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Unformatted text preview: http://pun.sagepub.com Punishment & Society DOI: 10.1177/1462474503005003004 2003; 5; 295 Punishment Society R. A. Duff Penance, Punishment and the Limits of Community http://pun.sagepub.com/cgi/content/abstract/5/3/295 The online version of this article can be found at: Published by: http://www.sagepublications.com can be found at: Punishment & Society Additional services and information for http://pun.sagepub.com/cgi/alerts Email Alerts: http://pun.sagepub.com/subscriptions Subscriptions: http://www.sagepub.com/journalsReprints.nav Reprints: http://www.sagepub.co.uk/journalsPermissions.nav Permissions: http://pun.sagepub.com/cgi/content/refs/5/3/295 Citations at SAN JOSE STATE UNIV on September 25, 2009 http://pun.sagepub.com Downloaded from Penance, punishment and the limits of community R.A. DUFF University of Stirling, Scotland, UK Abstract The thought that religious ideas could have any place in a normative theory of criminal punishment will be anathema to many liberals. I argue, however, that we can under- stand criminal punishment as a species of secular penance, as part of a communicative enterprise in which the polity seeks to involve its citizens. After explaining what a penance amounts to in this context, I meet the liberal objection that punishment as thus conceived would be an oppressive and illegitimate intrusion into the realm of moral character and conscience which is not the state’s, or the law’s, business. Finally, I raise (without offering any confident answer to) the question of whether there are any kinds of crime that are so destructive of the very possibility of political community that punishment as communicative penance is no longer morally possible, and focus in particular on the version of this question that is raised by terrorist crimes. Key Words communication • community • liberalism • penance • punishment • terrorism INTRODUCTION – LIBERALISM, THE STATE AND THE CRIMINAL LAW The question for this conference was: ‘what legitimate role, if any, may be played in the criminal law and its mechanism of punishment by religious reasons and by values often associated with religion – e.g. duties to God, love (agape), atonement, repentance, forgiveness, mercy and self-perfection and moral goodness?’. In his article (Murphy, this issue), Jeff Murphy asks how a religious believer’s beliefs should influence her ideas about criminal law and punishment; in this article, I will pursue the question of whether and how a non-believer’s secular ideas about criminal law and punishment might properly be influenced by ideas which find at least their historical origins in religious doctrines and practices. A striking feature of contemporary legal philosophy, especially for those of us who 295 PUNISHMENT & SOCIETY Copyright © SAGE Publications London, Thousand Oaks, CA and New Delhi....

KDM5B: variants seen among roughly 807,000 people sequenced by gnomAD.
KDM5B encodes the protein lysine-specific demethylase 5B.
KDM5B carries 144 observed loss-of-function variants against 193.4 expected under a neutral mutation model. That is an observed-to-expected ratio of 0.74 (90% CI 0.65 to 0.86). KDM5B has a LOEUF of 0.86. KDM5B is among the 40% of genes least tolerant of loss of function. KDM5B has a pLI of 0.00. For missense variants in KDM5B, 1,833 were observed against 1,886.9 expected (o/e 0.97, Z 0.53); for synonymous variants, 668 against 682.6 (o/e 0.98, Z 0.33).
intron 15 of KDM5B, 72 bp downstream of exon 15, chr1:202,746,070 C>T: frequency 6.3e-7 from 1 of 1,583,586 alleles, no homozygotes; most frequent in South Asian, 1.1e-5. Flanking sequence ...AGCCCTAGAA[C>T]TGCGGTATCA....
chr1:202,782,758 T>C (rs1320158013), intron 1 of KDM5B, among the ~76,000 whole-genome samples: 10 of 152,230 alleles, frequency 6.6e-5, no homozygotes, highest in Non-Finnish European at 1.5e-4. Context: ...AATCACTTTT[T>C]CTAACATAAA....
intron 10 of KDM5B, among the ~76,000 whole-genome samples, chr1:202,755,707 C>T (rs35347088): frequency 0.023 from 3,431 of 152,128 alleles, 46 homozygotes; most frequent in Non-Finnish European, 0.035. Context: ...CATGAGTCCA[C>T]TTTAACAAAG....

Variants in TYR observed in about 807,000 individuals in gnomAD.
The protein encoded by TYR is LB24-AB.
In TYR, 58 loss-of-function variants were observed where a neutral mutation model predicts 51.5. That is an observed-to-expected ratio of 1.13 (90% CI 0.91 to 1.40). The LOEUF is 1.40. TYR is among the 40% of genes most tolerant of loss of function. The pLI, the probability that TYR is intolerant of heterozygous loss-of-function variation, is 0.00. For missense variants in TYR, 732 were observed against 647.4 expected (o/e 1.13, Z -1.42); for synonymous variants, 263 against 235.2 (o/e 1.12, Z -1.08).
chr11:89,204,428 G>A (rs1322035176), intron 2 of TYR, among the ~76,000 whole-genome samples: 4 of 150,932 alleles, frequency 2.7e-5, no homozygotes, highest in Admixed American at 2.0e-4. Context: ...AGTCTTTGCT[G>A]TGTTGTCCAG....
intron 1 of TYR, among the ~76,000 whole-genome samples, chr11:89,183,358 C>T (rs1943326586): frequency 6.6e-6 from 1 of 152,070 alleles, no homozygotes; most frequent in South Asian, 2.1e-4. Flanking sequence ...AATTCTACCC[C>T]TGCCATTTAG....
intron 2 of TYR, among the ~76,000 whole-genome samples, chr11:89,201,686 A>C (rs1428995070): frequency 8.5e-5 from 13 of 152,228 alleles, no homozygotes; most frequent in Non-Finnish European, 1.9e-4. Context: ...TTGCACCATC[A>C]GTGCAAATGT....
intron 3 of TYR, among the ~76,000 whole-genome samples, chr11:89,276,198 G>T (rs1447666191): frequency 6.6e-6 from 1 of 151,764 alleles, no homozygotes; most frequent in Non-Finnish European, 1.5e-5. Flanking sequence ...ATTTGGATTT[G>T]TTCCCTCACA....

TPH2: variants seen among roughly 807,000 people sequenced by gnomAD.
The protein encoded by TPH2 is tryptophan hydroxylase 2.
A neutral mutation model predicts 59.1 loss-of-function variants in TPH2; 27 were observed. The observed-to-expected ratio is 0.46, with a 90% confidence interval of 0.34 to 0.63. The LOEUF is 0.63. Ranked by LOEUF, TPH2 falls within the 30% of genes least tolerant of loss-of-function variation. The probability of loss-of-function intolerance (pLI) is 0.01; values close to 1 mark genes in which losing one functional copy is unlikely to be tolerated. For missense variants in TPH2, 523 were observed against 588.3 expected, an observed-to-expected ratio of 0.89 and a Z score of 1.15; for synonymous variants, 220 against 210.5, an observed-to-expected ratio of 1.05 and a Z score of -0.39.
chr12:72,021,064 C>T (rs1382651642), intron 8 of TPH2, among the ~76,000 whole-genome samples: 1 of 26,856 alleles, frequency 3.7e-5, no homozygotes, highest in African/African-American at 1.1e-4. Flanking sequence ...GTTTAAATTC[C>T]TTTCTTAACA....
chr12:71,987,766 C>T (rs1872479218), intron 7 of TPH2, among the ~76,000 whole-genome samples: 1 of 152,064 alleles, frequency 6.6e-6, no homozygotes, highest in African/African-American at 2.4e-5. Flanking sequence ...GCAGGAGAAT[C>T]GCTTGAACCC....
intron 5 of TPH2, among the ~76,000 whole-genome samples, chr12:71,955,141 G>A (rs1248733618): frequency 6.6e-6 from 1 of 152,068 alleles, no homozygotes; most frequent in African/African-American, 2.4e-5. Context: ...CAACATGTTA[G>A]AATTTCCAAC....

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- Criminal Justice